1. Do provide an extra pillow or soft booster for your loved one. As we get older, we often experience a collapsing of the spinal cord that can make it uncomfortable to extended periods of time. Better yet, keep a couple of cushions of different sizes on hand, one to sit on and another to support the back.

2. Don’t assume the passenger-side air bag is safest. To a frail, elderly individual, that air bag may be a hazard. Depending on the medical condition, you may qualify to have the air bag deactivated. Only an authorized dealer or repair shop can install the on/off switch, with an approved form from the National Highway Traffic Safety Administration.

3. Do check that the seat belt rub and make your loved one uncomfortable. A booster cushion to raise the body or a soft cloth around the part that rubs against the skin can help.

4. Don’t leave your loved one in a closed car while you run in to do an errand. If you leave the car running, your loved one just may try to drive it away. Someone with dementia or even mild confusion might wander off. A quick errand can turn into a big episode in an instance.

5. Do pack an emergency bag. You never know when you may need it. You should include: a change of clothes…including underwear, spare absorbent pads, or absorbent underwear if used; a sweater and hat of some sort; snacks such as granola bars and water bottles; extra medication such as glucose tabs.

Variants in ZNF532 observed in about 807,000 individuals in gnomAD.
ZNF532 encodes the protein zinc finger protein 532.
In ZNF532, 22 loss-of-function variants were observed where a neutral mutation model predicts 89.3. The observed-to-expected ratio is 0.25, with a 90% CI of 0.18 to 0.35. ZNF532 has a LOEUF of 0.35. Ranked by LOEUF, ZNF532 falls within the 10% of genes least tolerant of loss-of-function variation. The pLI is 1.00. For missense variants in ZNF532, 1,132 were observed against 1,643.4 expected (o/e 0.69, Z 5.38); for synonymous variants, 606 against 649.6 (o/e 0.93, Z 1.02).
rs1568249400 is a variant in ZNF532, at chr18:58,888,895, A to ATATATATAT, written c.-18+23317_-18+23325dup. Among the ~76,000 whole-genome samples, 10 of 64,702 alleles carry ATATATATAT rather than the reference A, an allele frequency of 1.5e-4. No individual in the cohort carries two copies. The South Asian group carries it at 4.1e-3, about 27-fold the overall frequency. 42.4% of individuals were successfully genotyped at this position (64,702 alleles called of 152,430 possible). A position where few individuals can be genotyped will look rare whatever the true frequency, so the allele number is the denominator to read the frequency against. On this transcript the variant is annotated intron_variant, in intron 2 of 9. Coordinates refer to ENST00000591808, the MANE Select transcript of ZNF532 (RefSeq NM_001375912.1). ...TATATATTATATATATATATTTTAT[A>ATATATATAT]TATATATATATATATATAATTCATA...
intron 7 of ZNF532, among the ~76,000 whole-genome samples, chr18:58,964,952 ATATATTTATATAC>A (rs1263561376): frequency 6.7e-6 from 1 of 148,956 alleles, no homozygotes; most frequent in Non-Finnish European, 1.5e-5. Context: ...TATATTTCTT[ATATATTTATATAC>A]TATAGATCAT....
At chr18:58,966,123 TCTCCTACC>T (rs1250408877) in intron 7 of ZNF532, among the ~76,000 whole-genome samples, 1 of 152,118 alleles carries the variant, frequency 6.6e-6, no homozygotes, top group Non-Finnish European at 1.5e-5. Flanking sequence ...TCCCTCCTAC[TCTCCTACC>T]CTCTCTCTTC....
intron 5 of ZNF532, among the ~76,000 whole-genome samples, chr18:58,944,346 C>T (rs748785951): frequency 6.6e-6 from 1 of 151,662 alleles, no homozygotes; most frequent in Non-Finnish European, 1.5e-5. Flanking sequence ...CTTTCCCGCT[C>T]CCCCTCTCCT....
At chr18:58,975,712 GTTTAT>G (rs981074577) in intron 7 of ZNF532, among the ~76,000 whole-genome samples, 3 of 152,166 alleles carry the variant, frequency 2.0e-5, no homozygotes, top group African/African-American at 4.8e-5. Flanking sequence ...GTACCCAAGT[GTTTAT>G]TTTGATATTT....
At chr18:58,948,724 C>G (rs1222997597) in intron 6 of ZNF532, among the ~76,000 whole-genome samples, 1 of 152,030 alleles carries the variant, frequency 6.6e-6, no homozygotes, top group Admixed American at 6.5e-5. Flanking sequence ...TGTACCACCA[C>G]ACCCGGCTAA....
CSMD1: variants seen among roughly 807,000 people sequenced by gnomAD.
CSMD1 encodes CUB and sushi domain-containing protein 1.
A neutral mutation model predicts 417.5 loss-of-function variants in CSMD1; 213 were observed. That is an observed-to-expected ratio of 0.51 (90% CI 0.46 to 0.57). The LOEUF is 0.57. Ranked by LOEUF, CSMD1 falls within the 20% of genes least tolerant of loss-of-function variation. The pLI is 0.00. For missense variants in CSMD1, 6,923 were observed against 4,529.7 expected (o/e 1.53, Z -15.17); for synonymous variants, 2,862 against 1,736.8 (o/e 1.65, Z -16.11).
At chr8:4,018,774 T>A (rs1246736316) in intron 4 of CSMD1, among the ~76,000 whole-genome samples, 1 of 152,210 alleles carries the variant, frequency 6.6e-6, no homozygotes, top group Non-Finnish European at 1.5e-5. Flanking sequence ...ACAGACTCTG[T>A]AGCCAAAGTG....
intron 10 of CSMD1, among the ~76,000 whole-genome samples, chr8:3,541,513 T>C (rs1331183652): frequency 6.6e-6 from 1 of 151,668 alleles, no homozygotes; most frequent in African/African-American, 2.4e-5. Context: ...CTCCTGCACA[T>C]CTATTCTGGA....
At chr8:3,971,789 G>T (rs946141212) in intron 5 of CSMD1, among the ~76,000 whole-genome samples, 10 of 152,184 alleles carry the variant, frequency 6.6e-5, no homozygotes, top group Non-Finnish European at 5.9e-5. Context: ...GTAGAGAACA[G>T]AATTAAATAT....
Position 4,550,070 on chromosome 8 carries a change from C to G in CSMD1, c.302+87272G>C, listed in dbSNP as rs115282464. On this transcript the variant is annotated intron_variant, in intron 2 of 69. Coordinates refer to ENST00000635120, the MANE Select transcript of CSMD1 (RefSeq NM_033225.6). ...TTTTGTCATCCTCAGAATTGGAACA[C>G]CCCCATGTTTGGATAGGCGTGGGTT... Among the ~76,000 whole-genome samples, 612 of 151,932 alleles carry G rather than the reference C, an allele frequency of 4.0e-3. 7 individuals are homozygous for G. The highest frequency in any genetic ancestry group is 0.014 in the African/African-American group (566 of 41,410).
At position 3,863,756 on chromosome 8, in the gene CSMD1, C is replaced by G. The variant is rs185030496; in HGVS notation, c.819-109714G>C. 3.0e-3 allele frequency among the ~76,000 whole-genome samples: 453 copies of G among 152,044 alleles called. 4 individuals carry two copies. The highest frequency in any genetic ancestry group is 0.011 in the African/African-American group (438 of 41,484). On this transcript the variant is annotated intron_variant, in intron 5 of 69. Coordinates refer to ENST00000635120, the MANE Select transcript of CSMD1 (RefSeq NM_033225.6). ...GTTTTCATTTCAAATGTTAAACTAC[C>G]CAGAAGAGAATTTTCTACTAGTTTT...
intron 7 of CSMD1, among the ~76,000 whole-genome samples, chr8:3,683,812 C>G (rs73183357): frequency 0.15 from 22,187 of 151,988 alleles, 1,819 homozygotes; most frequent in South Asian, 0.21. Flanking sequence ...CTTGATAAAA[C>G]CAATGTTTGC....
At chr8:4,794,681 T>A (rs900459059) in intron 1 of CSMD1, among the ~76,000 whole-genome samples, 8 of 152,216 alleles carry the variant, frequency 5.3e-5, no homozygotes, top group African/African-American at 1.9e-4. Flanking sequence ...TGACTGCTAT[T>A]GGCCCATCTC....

6. Don’t forget bathroom breaks.While you may be able to go three or four hours without a bathroom break or a beverage, remember that your loved one may find that difficult. Take regular breaks.

7. Do make it a fun experience for them! Play some oldies or classical music, especially if the person tends to be grumpy. Take a lunch break at a spot you know has special appeal to your loved one.

Share on Facebook

Operation Fuel

“Operation Fuel” for Connecticut Seniors, is designed to help seniors pay for their heating costs this winter, including a one-time “energy grant” of up to $500.

Eligibility is based on gross annual household income, liquid assets and a documented crisis. The number of people living in the household determines the income and asset limits. One household member must be at least 65 years old. The program is also known as the Elderly Home Heating Assistance Program (EHHAP).

If you’d like to see if this program can help you out this season you should call 2-1-1 to discuss your eligibility and possible benefits.

Share on Facebook

Signs Your Loved One’s Needs Are Changing

It can often be hard to tell when aging is affecting a family member. Don’t ignore the warning signs, because small things can add up to a larger challenge incredibly fast. If you notice certain changes in your loved one, it might be time to seek outside help:

Changes in relationships with family and friends.
Withdrawal from social interactions.
Unusual behavior, such as increased agitation, speaking loudly or little talking at all.
Neglecting personal care, such as hygiene or nutrition.
Signs of forgetfulness, such as piles of unopened mail, unwashed laundry and scorched or dirty cookware.
Mismanagement of finances, such as unpaid bills or unusual purchases.

Share on Facebook